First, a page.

St. Charles, Missouri (CNN) - While Sen. Claire McCaskill of Missouri has largely stayed on message regarding her opponent Republican Rep. Todd Akin and his status in their upcoming Senate race, she used the whole controversy to lighten the mood a bit before a stump speech.
Responding to a man who asked how her day was going as she waited for a microphone to be set up, McCaskill said, "You know, everything's pretty boring these days."
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"We get no action on this campaign. Nobody's paying any attention," she said to laughter.
One man in the crowd responded, "All you have to do is sit back and let the other guy get interviewed!"
She merely smiled in response.
Akin, who became Missouri's GOP nominee for the Senate race earlier this month, sparked a firestorm of criticism when he said in a Sunday interview that a woman's body is capable of preventing pregnancy during acts of "legitimate rape."
Following his comment, top Republicans and groups called on the congressman to drop his Senate bid and let another Republican step in to run against McCaskill. But Akin refused to withdraw his candidacy before a Tuesday evening deadline and has vowed to stay in the race, despite a lack of support from his own party.
For her part, McCaskill's campaign is emphasizing the senator's contributions to veterans affairs this week, with both stops Wednesday taking place in suburban St. Louis Veterans of Foreign Wars halls.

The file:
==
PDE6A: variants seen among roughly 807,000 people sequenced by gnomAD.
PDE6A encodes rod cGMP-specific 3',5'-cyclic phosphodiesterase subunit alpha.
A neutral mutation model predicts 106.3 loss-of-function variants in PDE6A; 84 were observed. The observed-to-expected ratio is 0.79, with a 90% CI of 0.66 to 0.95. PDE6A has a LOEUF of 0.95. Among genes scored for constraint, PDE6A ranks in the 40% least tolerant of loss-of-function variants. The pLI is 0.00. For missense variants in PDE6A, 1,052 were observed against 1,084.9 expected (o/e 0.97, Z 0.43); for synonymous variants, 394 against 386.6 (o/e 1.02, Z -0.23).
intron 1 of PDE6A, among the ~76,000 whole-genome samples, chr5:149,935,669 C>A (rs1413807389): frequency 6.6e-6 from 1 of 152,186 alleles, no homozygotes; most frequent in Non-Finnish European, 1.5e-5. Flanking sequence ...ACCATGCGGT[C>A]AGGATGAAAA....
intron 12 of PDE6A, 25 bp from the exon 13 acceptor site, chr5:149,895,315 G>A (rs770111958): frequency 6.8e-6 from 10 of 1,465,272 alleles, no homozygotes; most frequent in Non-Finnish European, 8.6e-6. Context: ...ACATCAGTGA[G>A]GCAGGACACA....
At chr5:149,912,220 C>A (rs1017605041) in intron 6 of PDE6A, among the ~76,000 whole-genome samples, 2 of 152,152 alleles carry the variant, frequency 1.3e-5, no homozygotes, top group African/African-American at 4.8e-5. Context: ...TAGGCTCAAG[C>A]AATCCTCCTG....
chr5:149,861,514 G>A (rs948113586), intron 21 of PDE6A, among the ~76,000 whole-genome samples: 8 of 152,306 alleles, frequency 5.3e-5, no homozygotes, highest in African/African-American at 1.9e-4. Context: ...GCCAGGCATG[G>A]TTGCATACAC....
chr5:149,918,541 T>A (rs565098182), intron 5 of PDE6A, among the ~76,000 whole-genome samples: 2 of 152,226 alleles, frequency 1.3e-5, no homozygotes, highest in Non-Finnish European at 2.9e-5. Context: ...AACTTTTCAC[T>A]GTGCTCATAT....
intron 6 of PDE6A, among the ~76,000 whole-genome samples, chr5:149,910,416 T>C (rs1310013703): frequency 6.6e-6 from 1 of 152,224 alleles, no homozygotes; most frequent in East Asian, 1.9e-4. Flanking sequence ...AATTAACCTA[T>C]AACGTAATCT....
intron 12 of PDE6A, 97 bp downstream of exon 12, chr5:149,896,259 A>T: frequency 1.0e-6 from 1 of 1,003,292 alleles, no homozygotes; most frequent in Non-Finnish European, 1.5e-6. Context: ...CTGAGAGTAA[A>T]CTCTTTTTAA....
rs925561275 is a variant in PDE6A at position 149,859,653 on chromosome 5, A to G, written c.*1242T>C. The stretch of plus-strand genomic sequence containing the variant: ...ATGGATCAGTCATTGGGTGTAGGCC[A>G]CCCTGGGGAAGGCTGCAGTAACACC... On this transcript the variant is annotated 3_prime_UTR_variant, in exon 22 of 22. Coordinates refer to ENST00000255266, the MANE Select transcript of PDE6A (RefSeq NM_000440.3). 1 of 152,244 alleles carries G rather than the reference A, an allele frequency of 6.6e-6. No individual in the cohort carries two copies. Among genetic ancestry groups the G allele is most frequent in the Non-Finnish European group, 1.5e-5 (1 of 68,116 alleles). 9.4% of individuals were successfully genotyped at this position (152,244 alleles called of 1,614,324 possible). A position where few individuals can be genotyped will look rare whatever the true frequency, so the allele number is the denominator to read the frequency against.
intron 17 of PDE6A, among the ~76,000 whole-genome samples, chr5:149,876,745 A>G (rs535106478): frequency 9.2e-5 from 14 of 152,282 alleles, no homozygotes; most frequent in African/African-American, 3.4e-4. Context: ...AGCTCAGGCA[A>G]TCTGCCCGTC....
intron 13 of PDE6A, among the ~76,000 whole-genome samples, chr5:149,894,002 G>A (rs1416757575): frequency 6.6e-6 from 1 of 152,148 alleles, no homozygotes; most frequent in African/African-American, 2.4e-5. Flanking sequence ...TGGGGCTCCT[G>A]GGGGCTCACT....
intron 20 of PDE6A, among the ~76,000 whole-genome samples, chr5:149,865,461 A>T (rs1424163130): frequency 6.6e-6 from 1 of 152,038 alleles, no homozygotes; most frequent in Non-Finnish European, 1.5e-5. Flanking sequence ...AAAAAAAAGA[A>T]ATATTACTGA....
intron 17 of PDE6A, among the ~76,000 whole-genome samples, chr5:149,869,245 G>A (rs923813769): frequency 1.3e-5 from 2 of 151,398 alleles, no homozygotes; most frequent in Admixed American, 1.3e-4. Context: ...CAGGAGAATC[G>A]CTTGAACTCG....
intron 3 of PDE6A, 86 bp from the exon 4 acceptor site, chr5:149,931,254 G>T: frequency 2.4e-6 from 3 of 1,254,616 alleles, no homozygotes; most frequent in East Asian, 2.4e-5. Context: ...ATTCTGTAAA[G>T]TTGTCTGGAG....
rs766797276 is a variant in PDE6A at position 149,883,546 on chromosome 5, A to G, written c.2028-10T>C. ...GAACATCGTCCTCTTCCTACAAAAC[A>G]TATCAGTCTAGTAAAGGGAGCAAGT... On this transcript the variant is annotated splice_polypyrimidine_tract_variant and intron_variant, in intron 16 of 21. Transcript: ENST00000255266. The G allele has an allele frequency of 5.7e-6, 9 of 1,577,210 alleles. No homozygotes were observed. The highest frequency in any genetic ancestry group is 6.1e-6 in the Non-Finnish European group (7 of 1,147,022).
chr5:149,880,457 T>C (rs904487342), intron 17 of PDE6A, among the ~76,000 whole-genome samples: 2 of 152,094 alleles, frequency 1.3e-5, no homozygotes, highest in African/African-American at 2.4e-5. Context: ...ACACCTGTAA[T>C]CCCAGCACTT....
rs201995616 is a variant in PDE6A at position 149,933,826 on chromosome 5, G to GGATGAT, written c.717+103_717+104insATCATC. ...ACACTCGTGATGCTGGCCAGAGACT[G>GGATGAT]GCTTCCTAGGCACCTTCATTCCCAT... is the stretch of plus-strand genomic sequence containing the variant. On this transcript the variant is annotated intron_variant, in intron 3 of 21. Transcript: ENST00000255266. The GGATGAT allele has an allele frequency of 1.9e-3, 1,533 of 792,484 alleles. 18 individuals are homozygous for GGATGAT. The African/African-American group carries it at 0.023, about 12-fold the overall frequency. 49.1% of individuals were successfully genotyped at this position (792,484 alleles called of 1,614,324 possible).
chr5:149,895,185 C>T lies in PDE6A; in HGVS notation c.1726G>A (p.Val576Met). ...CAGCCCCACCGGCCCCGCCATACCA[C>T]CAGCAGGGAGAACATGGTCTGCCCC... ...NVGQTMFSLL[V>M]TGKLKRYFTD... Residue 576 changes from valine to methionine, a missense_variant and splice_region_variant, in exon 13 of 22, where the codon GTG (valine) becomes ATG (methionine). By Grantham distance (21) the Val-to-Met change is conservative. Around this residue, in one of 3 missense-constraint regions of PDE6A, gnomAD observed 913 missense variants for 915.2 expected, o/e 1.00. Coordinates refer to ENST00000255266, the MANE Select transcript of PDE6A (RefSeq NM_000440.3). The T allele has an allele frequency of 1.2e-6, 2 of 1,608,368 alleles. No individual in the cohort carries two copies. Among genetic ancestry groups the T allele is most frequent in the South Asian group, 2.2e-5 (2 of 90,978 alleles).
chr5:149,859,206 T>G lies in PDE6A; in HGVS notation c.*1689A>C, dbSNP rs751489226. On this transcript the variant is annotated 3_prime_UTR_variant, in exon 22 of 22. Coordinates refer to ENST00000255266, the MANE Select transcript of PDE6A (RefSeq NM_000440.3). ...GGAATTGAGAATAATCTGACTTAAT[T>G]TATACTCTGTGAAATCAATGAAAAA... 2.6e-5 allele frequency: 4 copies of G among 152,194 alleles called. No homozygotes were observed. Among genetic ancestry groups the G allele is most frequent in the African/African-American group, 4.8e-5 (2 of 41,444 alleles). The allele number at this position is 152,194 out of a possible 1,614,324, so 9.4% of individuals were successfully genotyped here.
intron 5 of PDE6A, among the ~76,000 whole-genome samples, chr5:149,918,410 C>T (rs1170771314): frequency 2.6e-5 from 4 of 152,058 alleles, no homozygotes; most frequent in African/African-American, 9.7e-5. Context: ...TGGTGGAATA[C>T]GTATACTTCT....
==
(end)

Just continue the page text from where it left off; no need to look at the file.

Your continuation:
The only time Akin's name was mentioned–outside of a small press conference–was when she discussed how she has done more for veterans than he has. She took questions from the audience at both the day's events, and not one involved Akin.
Speaking with reporters in the suburb of Overland, however, the first-term senator was asked seemingly every iteration of Akin-centric questions, like what she would do if she were Akin and what this controversy has done to increase her chances of winning.
"The voters of Missouri have selected Todd Akin as the candidate, and he is the candidate," McCaskill told reporters. "It's gonna be an election between me and Todd Akin, and we will continue to draw those contrasts on many subjects where we have much different opinions."
While the Missouri Senate race had been considered a toss-up, two major political handicappers changed their ratings of the contest to be more favorable towards the Democratic Party-a big knock against the GOP, which had been eying the race a chance to pick up a much-needed seat in its quest to retake the Senate majority.
Asked about abortion Wednesday, McCaskill said she was "sure" that issue would come up in a debate between the two, as it is an area where they have contrasting views. She would not say exactly how great of a role she sees abortion playing in the race if Akin remains a candidate.
She was also asked whether she thinks she and Akin could have a substantive election season with the kind of distraction that's been created by the congressman's remarks,
McCaskill cited the event immediately prior to her press conference.
"I think I just had a pretty good meeting with veterans, drawing contrasts between myself and Todd Akin."
Meanwhile, Akin, who Wednesday was in the state, has kept out of public view aside from a couple of morning show appearances. The campaign has yet to say when he might get back to holding public campaign events.
- CNN Political Editor Paul Steinhauser contributed to this report.